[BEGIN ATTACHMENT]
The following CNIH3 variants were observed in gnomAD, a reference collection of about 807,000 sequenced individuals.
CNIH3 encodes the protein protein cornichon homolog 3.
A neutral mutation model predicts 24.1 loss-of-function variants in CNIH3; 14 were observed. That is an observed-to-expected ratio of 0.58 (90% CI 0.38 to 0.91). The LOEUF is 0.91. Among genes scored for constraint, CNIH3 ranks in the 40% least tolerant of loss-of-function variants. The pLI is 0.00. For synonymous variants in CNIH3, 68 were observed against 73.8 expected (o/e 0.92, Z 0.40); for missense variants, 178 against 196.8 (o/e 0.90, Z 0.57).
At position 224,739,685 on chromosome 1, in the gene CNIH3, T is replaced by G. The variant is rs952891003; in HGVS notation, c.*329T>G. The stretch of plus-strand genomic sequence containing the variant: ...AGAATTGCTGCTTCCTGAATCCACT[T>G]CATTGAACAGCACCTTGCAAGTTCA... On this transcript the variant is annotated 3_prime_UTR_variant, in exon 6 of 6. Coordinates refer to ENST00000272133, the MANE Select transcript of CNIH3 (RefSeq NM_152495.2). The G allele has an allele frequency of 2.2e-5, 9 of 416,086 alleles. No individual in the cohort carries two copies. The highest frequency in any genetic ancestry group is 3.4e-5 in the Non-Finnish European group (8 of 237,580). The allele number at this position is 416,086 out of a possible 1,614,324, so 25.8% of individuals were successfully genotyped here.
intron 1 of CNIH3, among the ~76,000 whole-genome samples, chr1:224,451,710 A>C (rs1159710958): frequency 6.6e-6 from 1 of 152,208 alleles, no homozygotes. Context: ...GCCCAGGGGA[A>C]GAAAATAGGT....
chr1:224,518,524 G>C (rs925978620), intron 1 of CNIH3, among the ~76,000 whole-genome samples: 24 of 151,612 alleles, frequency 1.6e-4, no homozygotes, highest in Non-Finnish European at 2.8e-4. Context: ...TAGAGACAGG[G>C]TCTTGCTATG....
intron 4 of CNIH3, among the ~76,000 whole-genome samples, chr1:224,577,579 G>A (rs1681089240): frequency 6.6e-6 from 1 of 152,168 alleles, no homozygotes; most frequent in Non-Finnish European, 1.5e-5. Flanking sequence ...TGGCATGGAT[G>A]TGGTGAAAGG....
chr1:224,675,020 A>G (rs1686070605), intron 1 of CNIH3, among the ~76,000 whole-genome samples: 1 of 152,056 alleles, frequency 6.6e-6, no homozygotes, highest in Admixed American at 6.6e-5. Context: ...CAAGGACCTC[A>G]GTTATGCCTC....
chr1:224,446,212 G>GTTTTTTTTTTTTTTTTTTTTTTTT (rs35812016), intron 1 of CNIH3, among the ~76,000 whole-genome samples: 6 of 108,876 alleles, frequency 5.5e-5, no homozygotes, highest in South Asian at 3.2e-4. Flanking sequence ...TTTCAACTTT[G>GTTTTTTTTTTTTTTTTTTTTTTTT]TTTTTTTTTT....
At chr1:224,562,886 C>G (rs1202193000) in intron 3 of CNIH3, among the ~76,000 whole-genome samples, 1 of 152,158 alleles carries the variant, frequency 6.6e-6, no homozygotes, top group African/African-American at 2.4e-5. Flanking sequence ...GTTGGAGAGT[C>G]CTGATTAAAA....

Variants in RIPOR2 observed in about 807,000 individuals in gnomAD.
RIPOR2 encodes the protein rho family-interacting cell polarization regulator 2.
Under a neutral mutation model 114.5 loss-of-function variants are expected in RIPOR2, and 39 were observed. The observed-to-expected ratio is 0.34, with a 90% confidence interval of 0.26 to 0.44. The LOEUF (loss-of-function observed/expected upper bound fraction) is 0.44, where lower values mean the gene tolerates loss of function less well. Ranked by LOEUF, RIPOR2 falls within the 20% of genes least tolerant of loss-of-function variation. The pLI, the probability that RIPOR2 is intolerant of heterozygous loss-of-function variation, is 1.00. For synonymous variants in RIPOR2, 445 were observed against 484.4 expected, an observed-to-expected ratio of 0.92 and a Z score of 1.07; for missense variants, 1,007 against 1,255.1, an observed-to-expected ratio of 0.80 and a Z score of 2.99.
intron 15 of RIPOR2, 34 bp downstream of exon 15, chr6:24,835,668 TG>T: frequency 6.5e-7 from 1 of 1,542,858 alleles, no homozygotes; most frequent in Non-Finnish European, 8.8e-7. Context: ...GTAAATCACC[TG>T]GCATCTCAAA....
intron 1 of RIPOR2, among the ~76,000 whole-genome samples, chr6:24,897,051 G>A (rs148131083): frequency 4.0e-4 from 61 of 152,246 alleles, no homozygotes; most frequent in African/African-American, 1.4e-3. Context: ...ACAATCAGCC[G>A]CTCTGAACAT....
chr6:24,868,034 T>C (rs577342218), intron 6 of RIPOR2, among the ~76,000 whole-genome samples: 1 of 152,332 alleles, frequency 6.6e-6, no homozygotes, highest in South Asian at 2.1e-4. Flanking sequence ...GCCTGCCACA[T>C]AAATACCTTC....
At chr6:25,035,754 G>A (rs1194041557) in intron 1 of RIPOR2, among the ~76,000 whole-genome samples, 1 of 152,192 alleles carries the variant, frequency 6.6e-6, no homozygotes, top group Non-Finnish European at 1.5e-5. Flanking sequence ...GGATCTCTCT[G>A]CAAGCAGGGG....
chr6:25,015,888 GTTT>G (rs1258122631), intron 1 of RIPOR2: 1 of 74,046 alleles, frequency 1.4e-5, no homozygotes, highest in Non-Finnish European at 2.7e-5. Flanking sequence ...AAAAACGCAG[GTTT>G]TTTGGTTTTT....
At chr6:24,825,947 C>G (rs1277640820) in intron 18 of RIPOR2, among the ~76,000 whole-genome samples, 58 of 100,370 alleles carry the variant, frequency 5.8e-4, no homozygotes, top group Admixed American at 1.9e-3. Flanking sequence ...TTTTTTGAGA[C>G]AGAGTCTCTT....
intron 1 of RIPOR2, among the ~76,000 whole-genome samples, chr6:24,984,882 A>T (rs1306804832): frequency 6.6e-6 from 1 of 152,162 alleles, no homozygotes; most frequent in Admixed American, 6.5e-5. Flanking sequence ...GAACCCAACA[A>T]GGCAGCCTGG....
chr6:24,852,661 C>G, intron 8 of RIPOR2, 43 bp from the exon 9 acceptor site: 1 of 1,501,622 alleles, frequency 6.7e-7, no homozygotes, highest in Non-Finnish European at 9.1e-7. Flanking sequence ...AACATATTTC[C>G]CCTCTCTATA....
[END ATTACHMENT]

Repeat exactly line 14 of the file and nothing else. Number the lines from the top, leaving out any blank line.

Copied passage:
intron 15 of RIPOR2, 34 bp downstream of exon 15, chr6:24,835,668 TG>T: frequency 6.5e-7 from 1 of 1,542,858 alleles, no homozygotes; most frequent in Non-Finnish European, 8.8e-7. Context: ...GTAAATCACC[TG>T]GCATCTCAAA....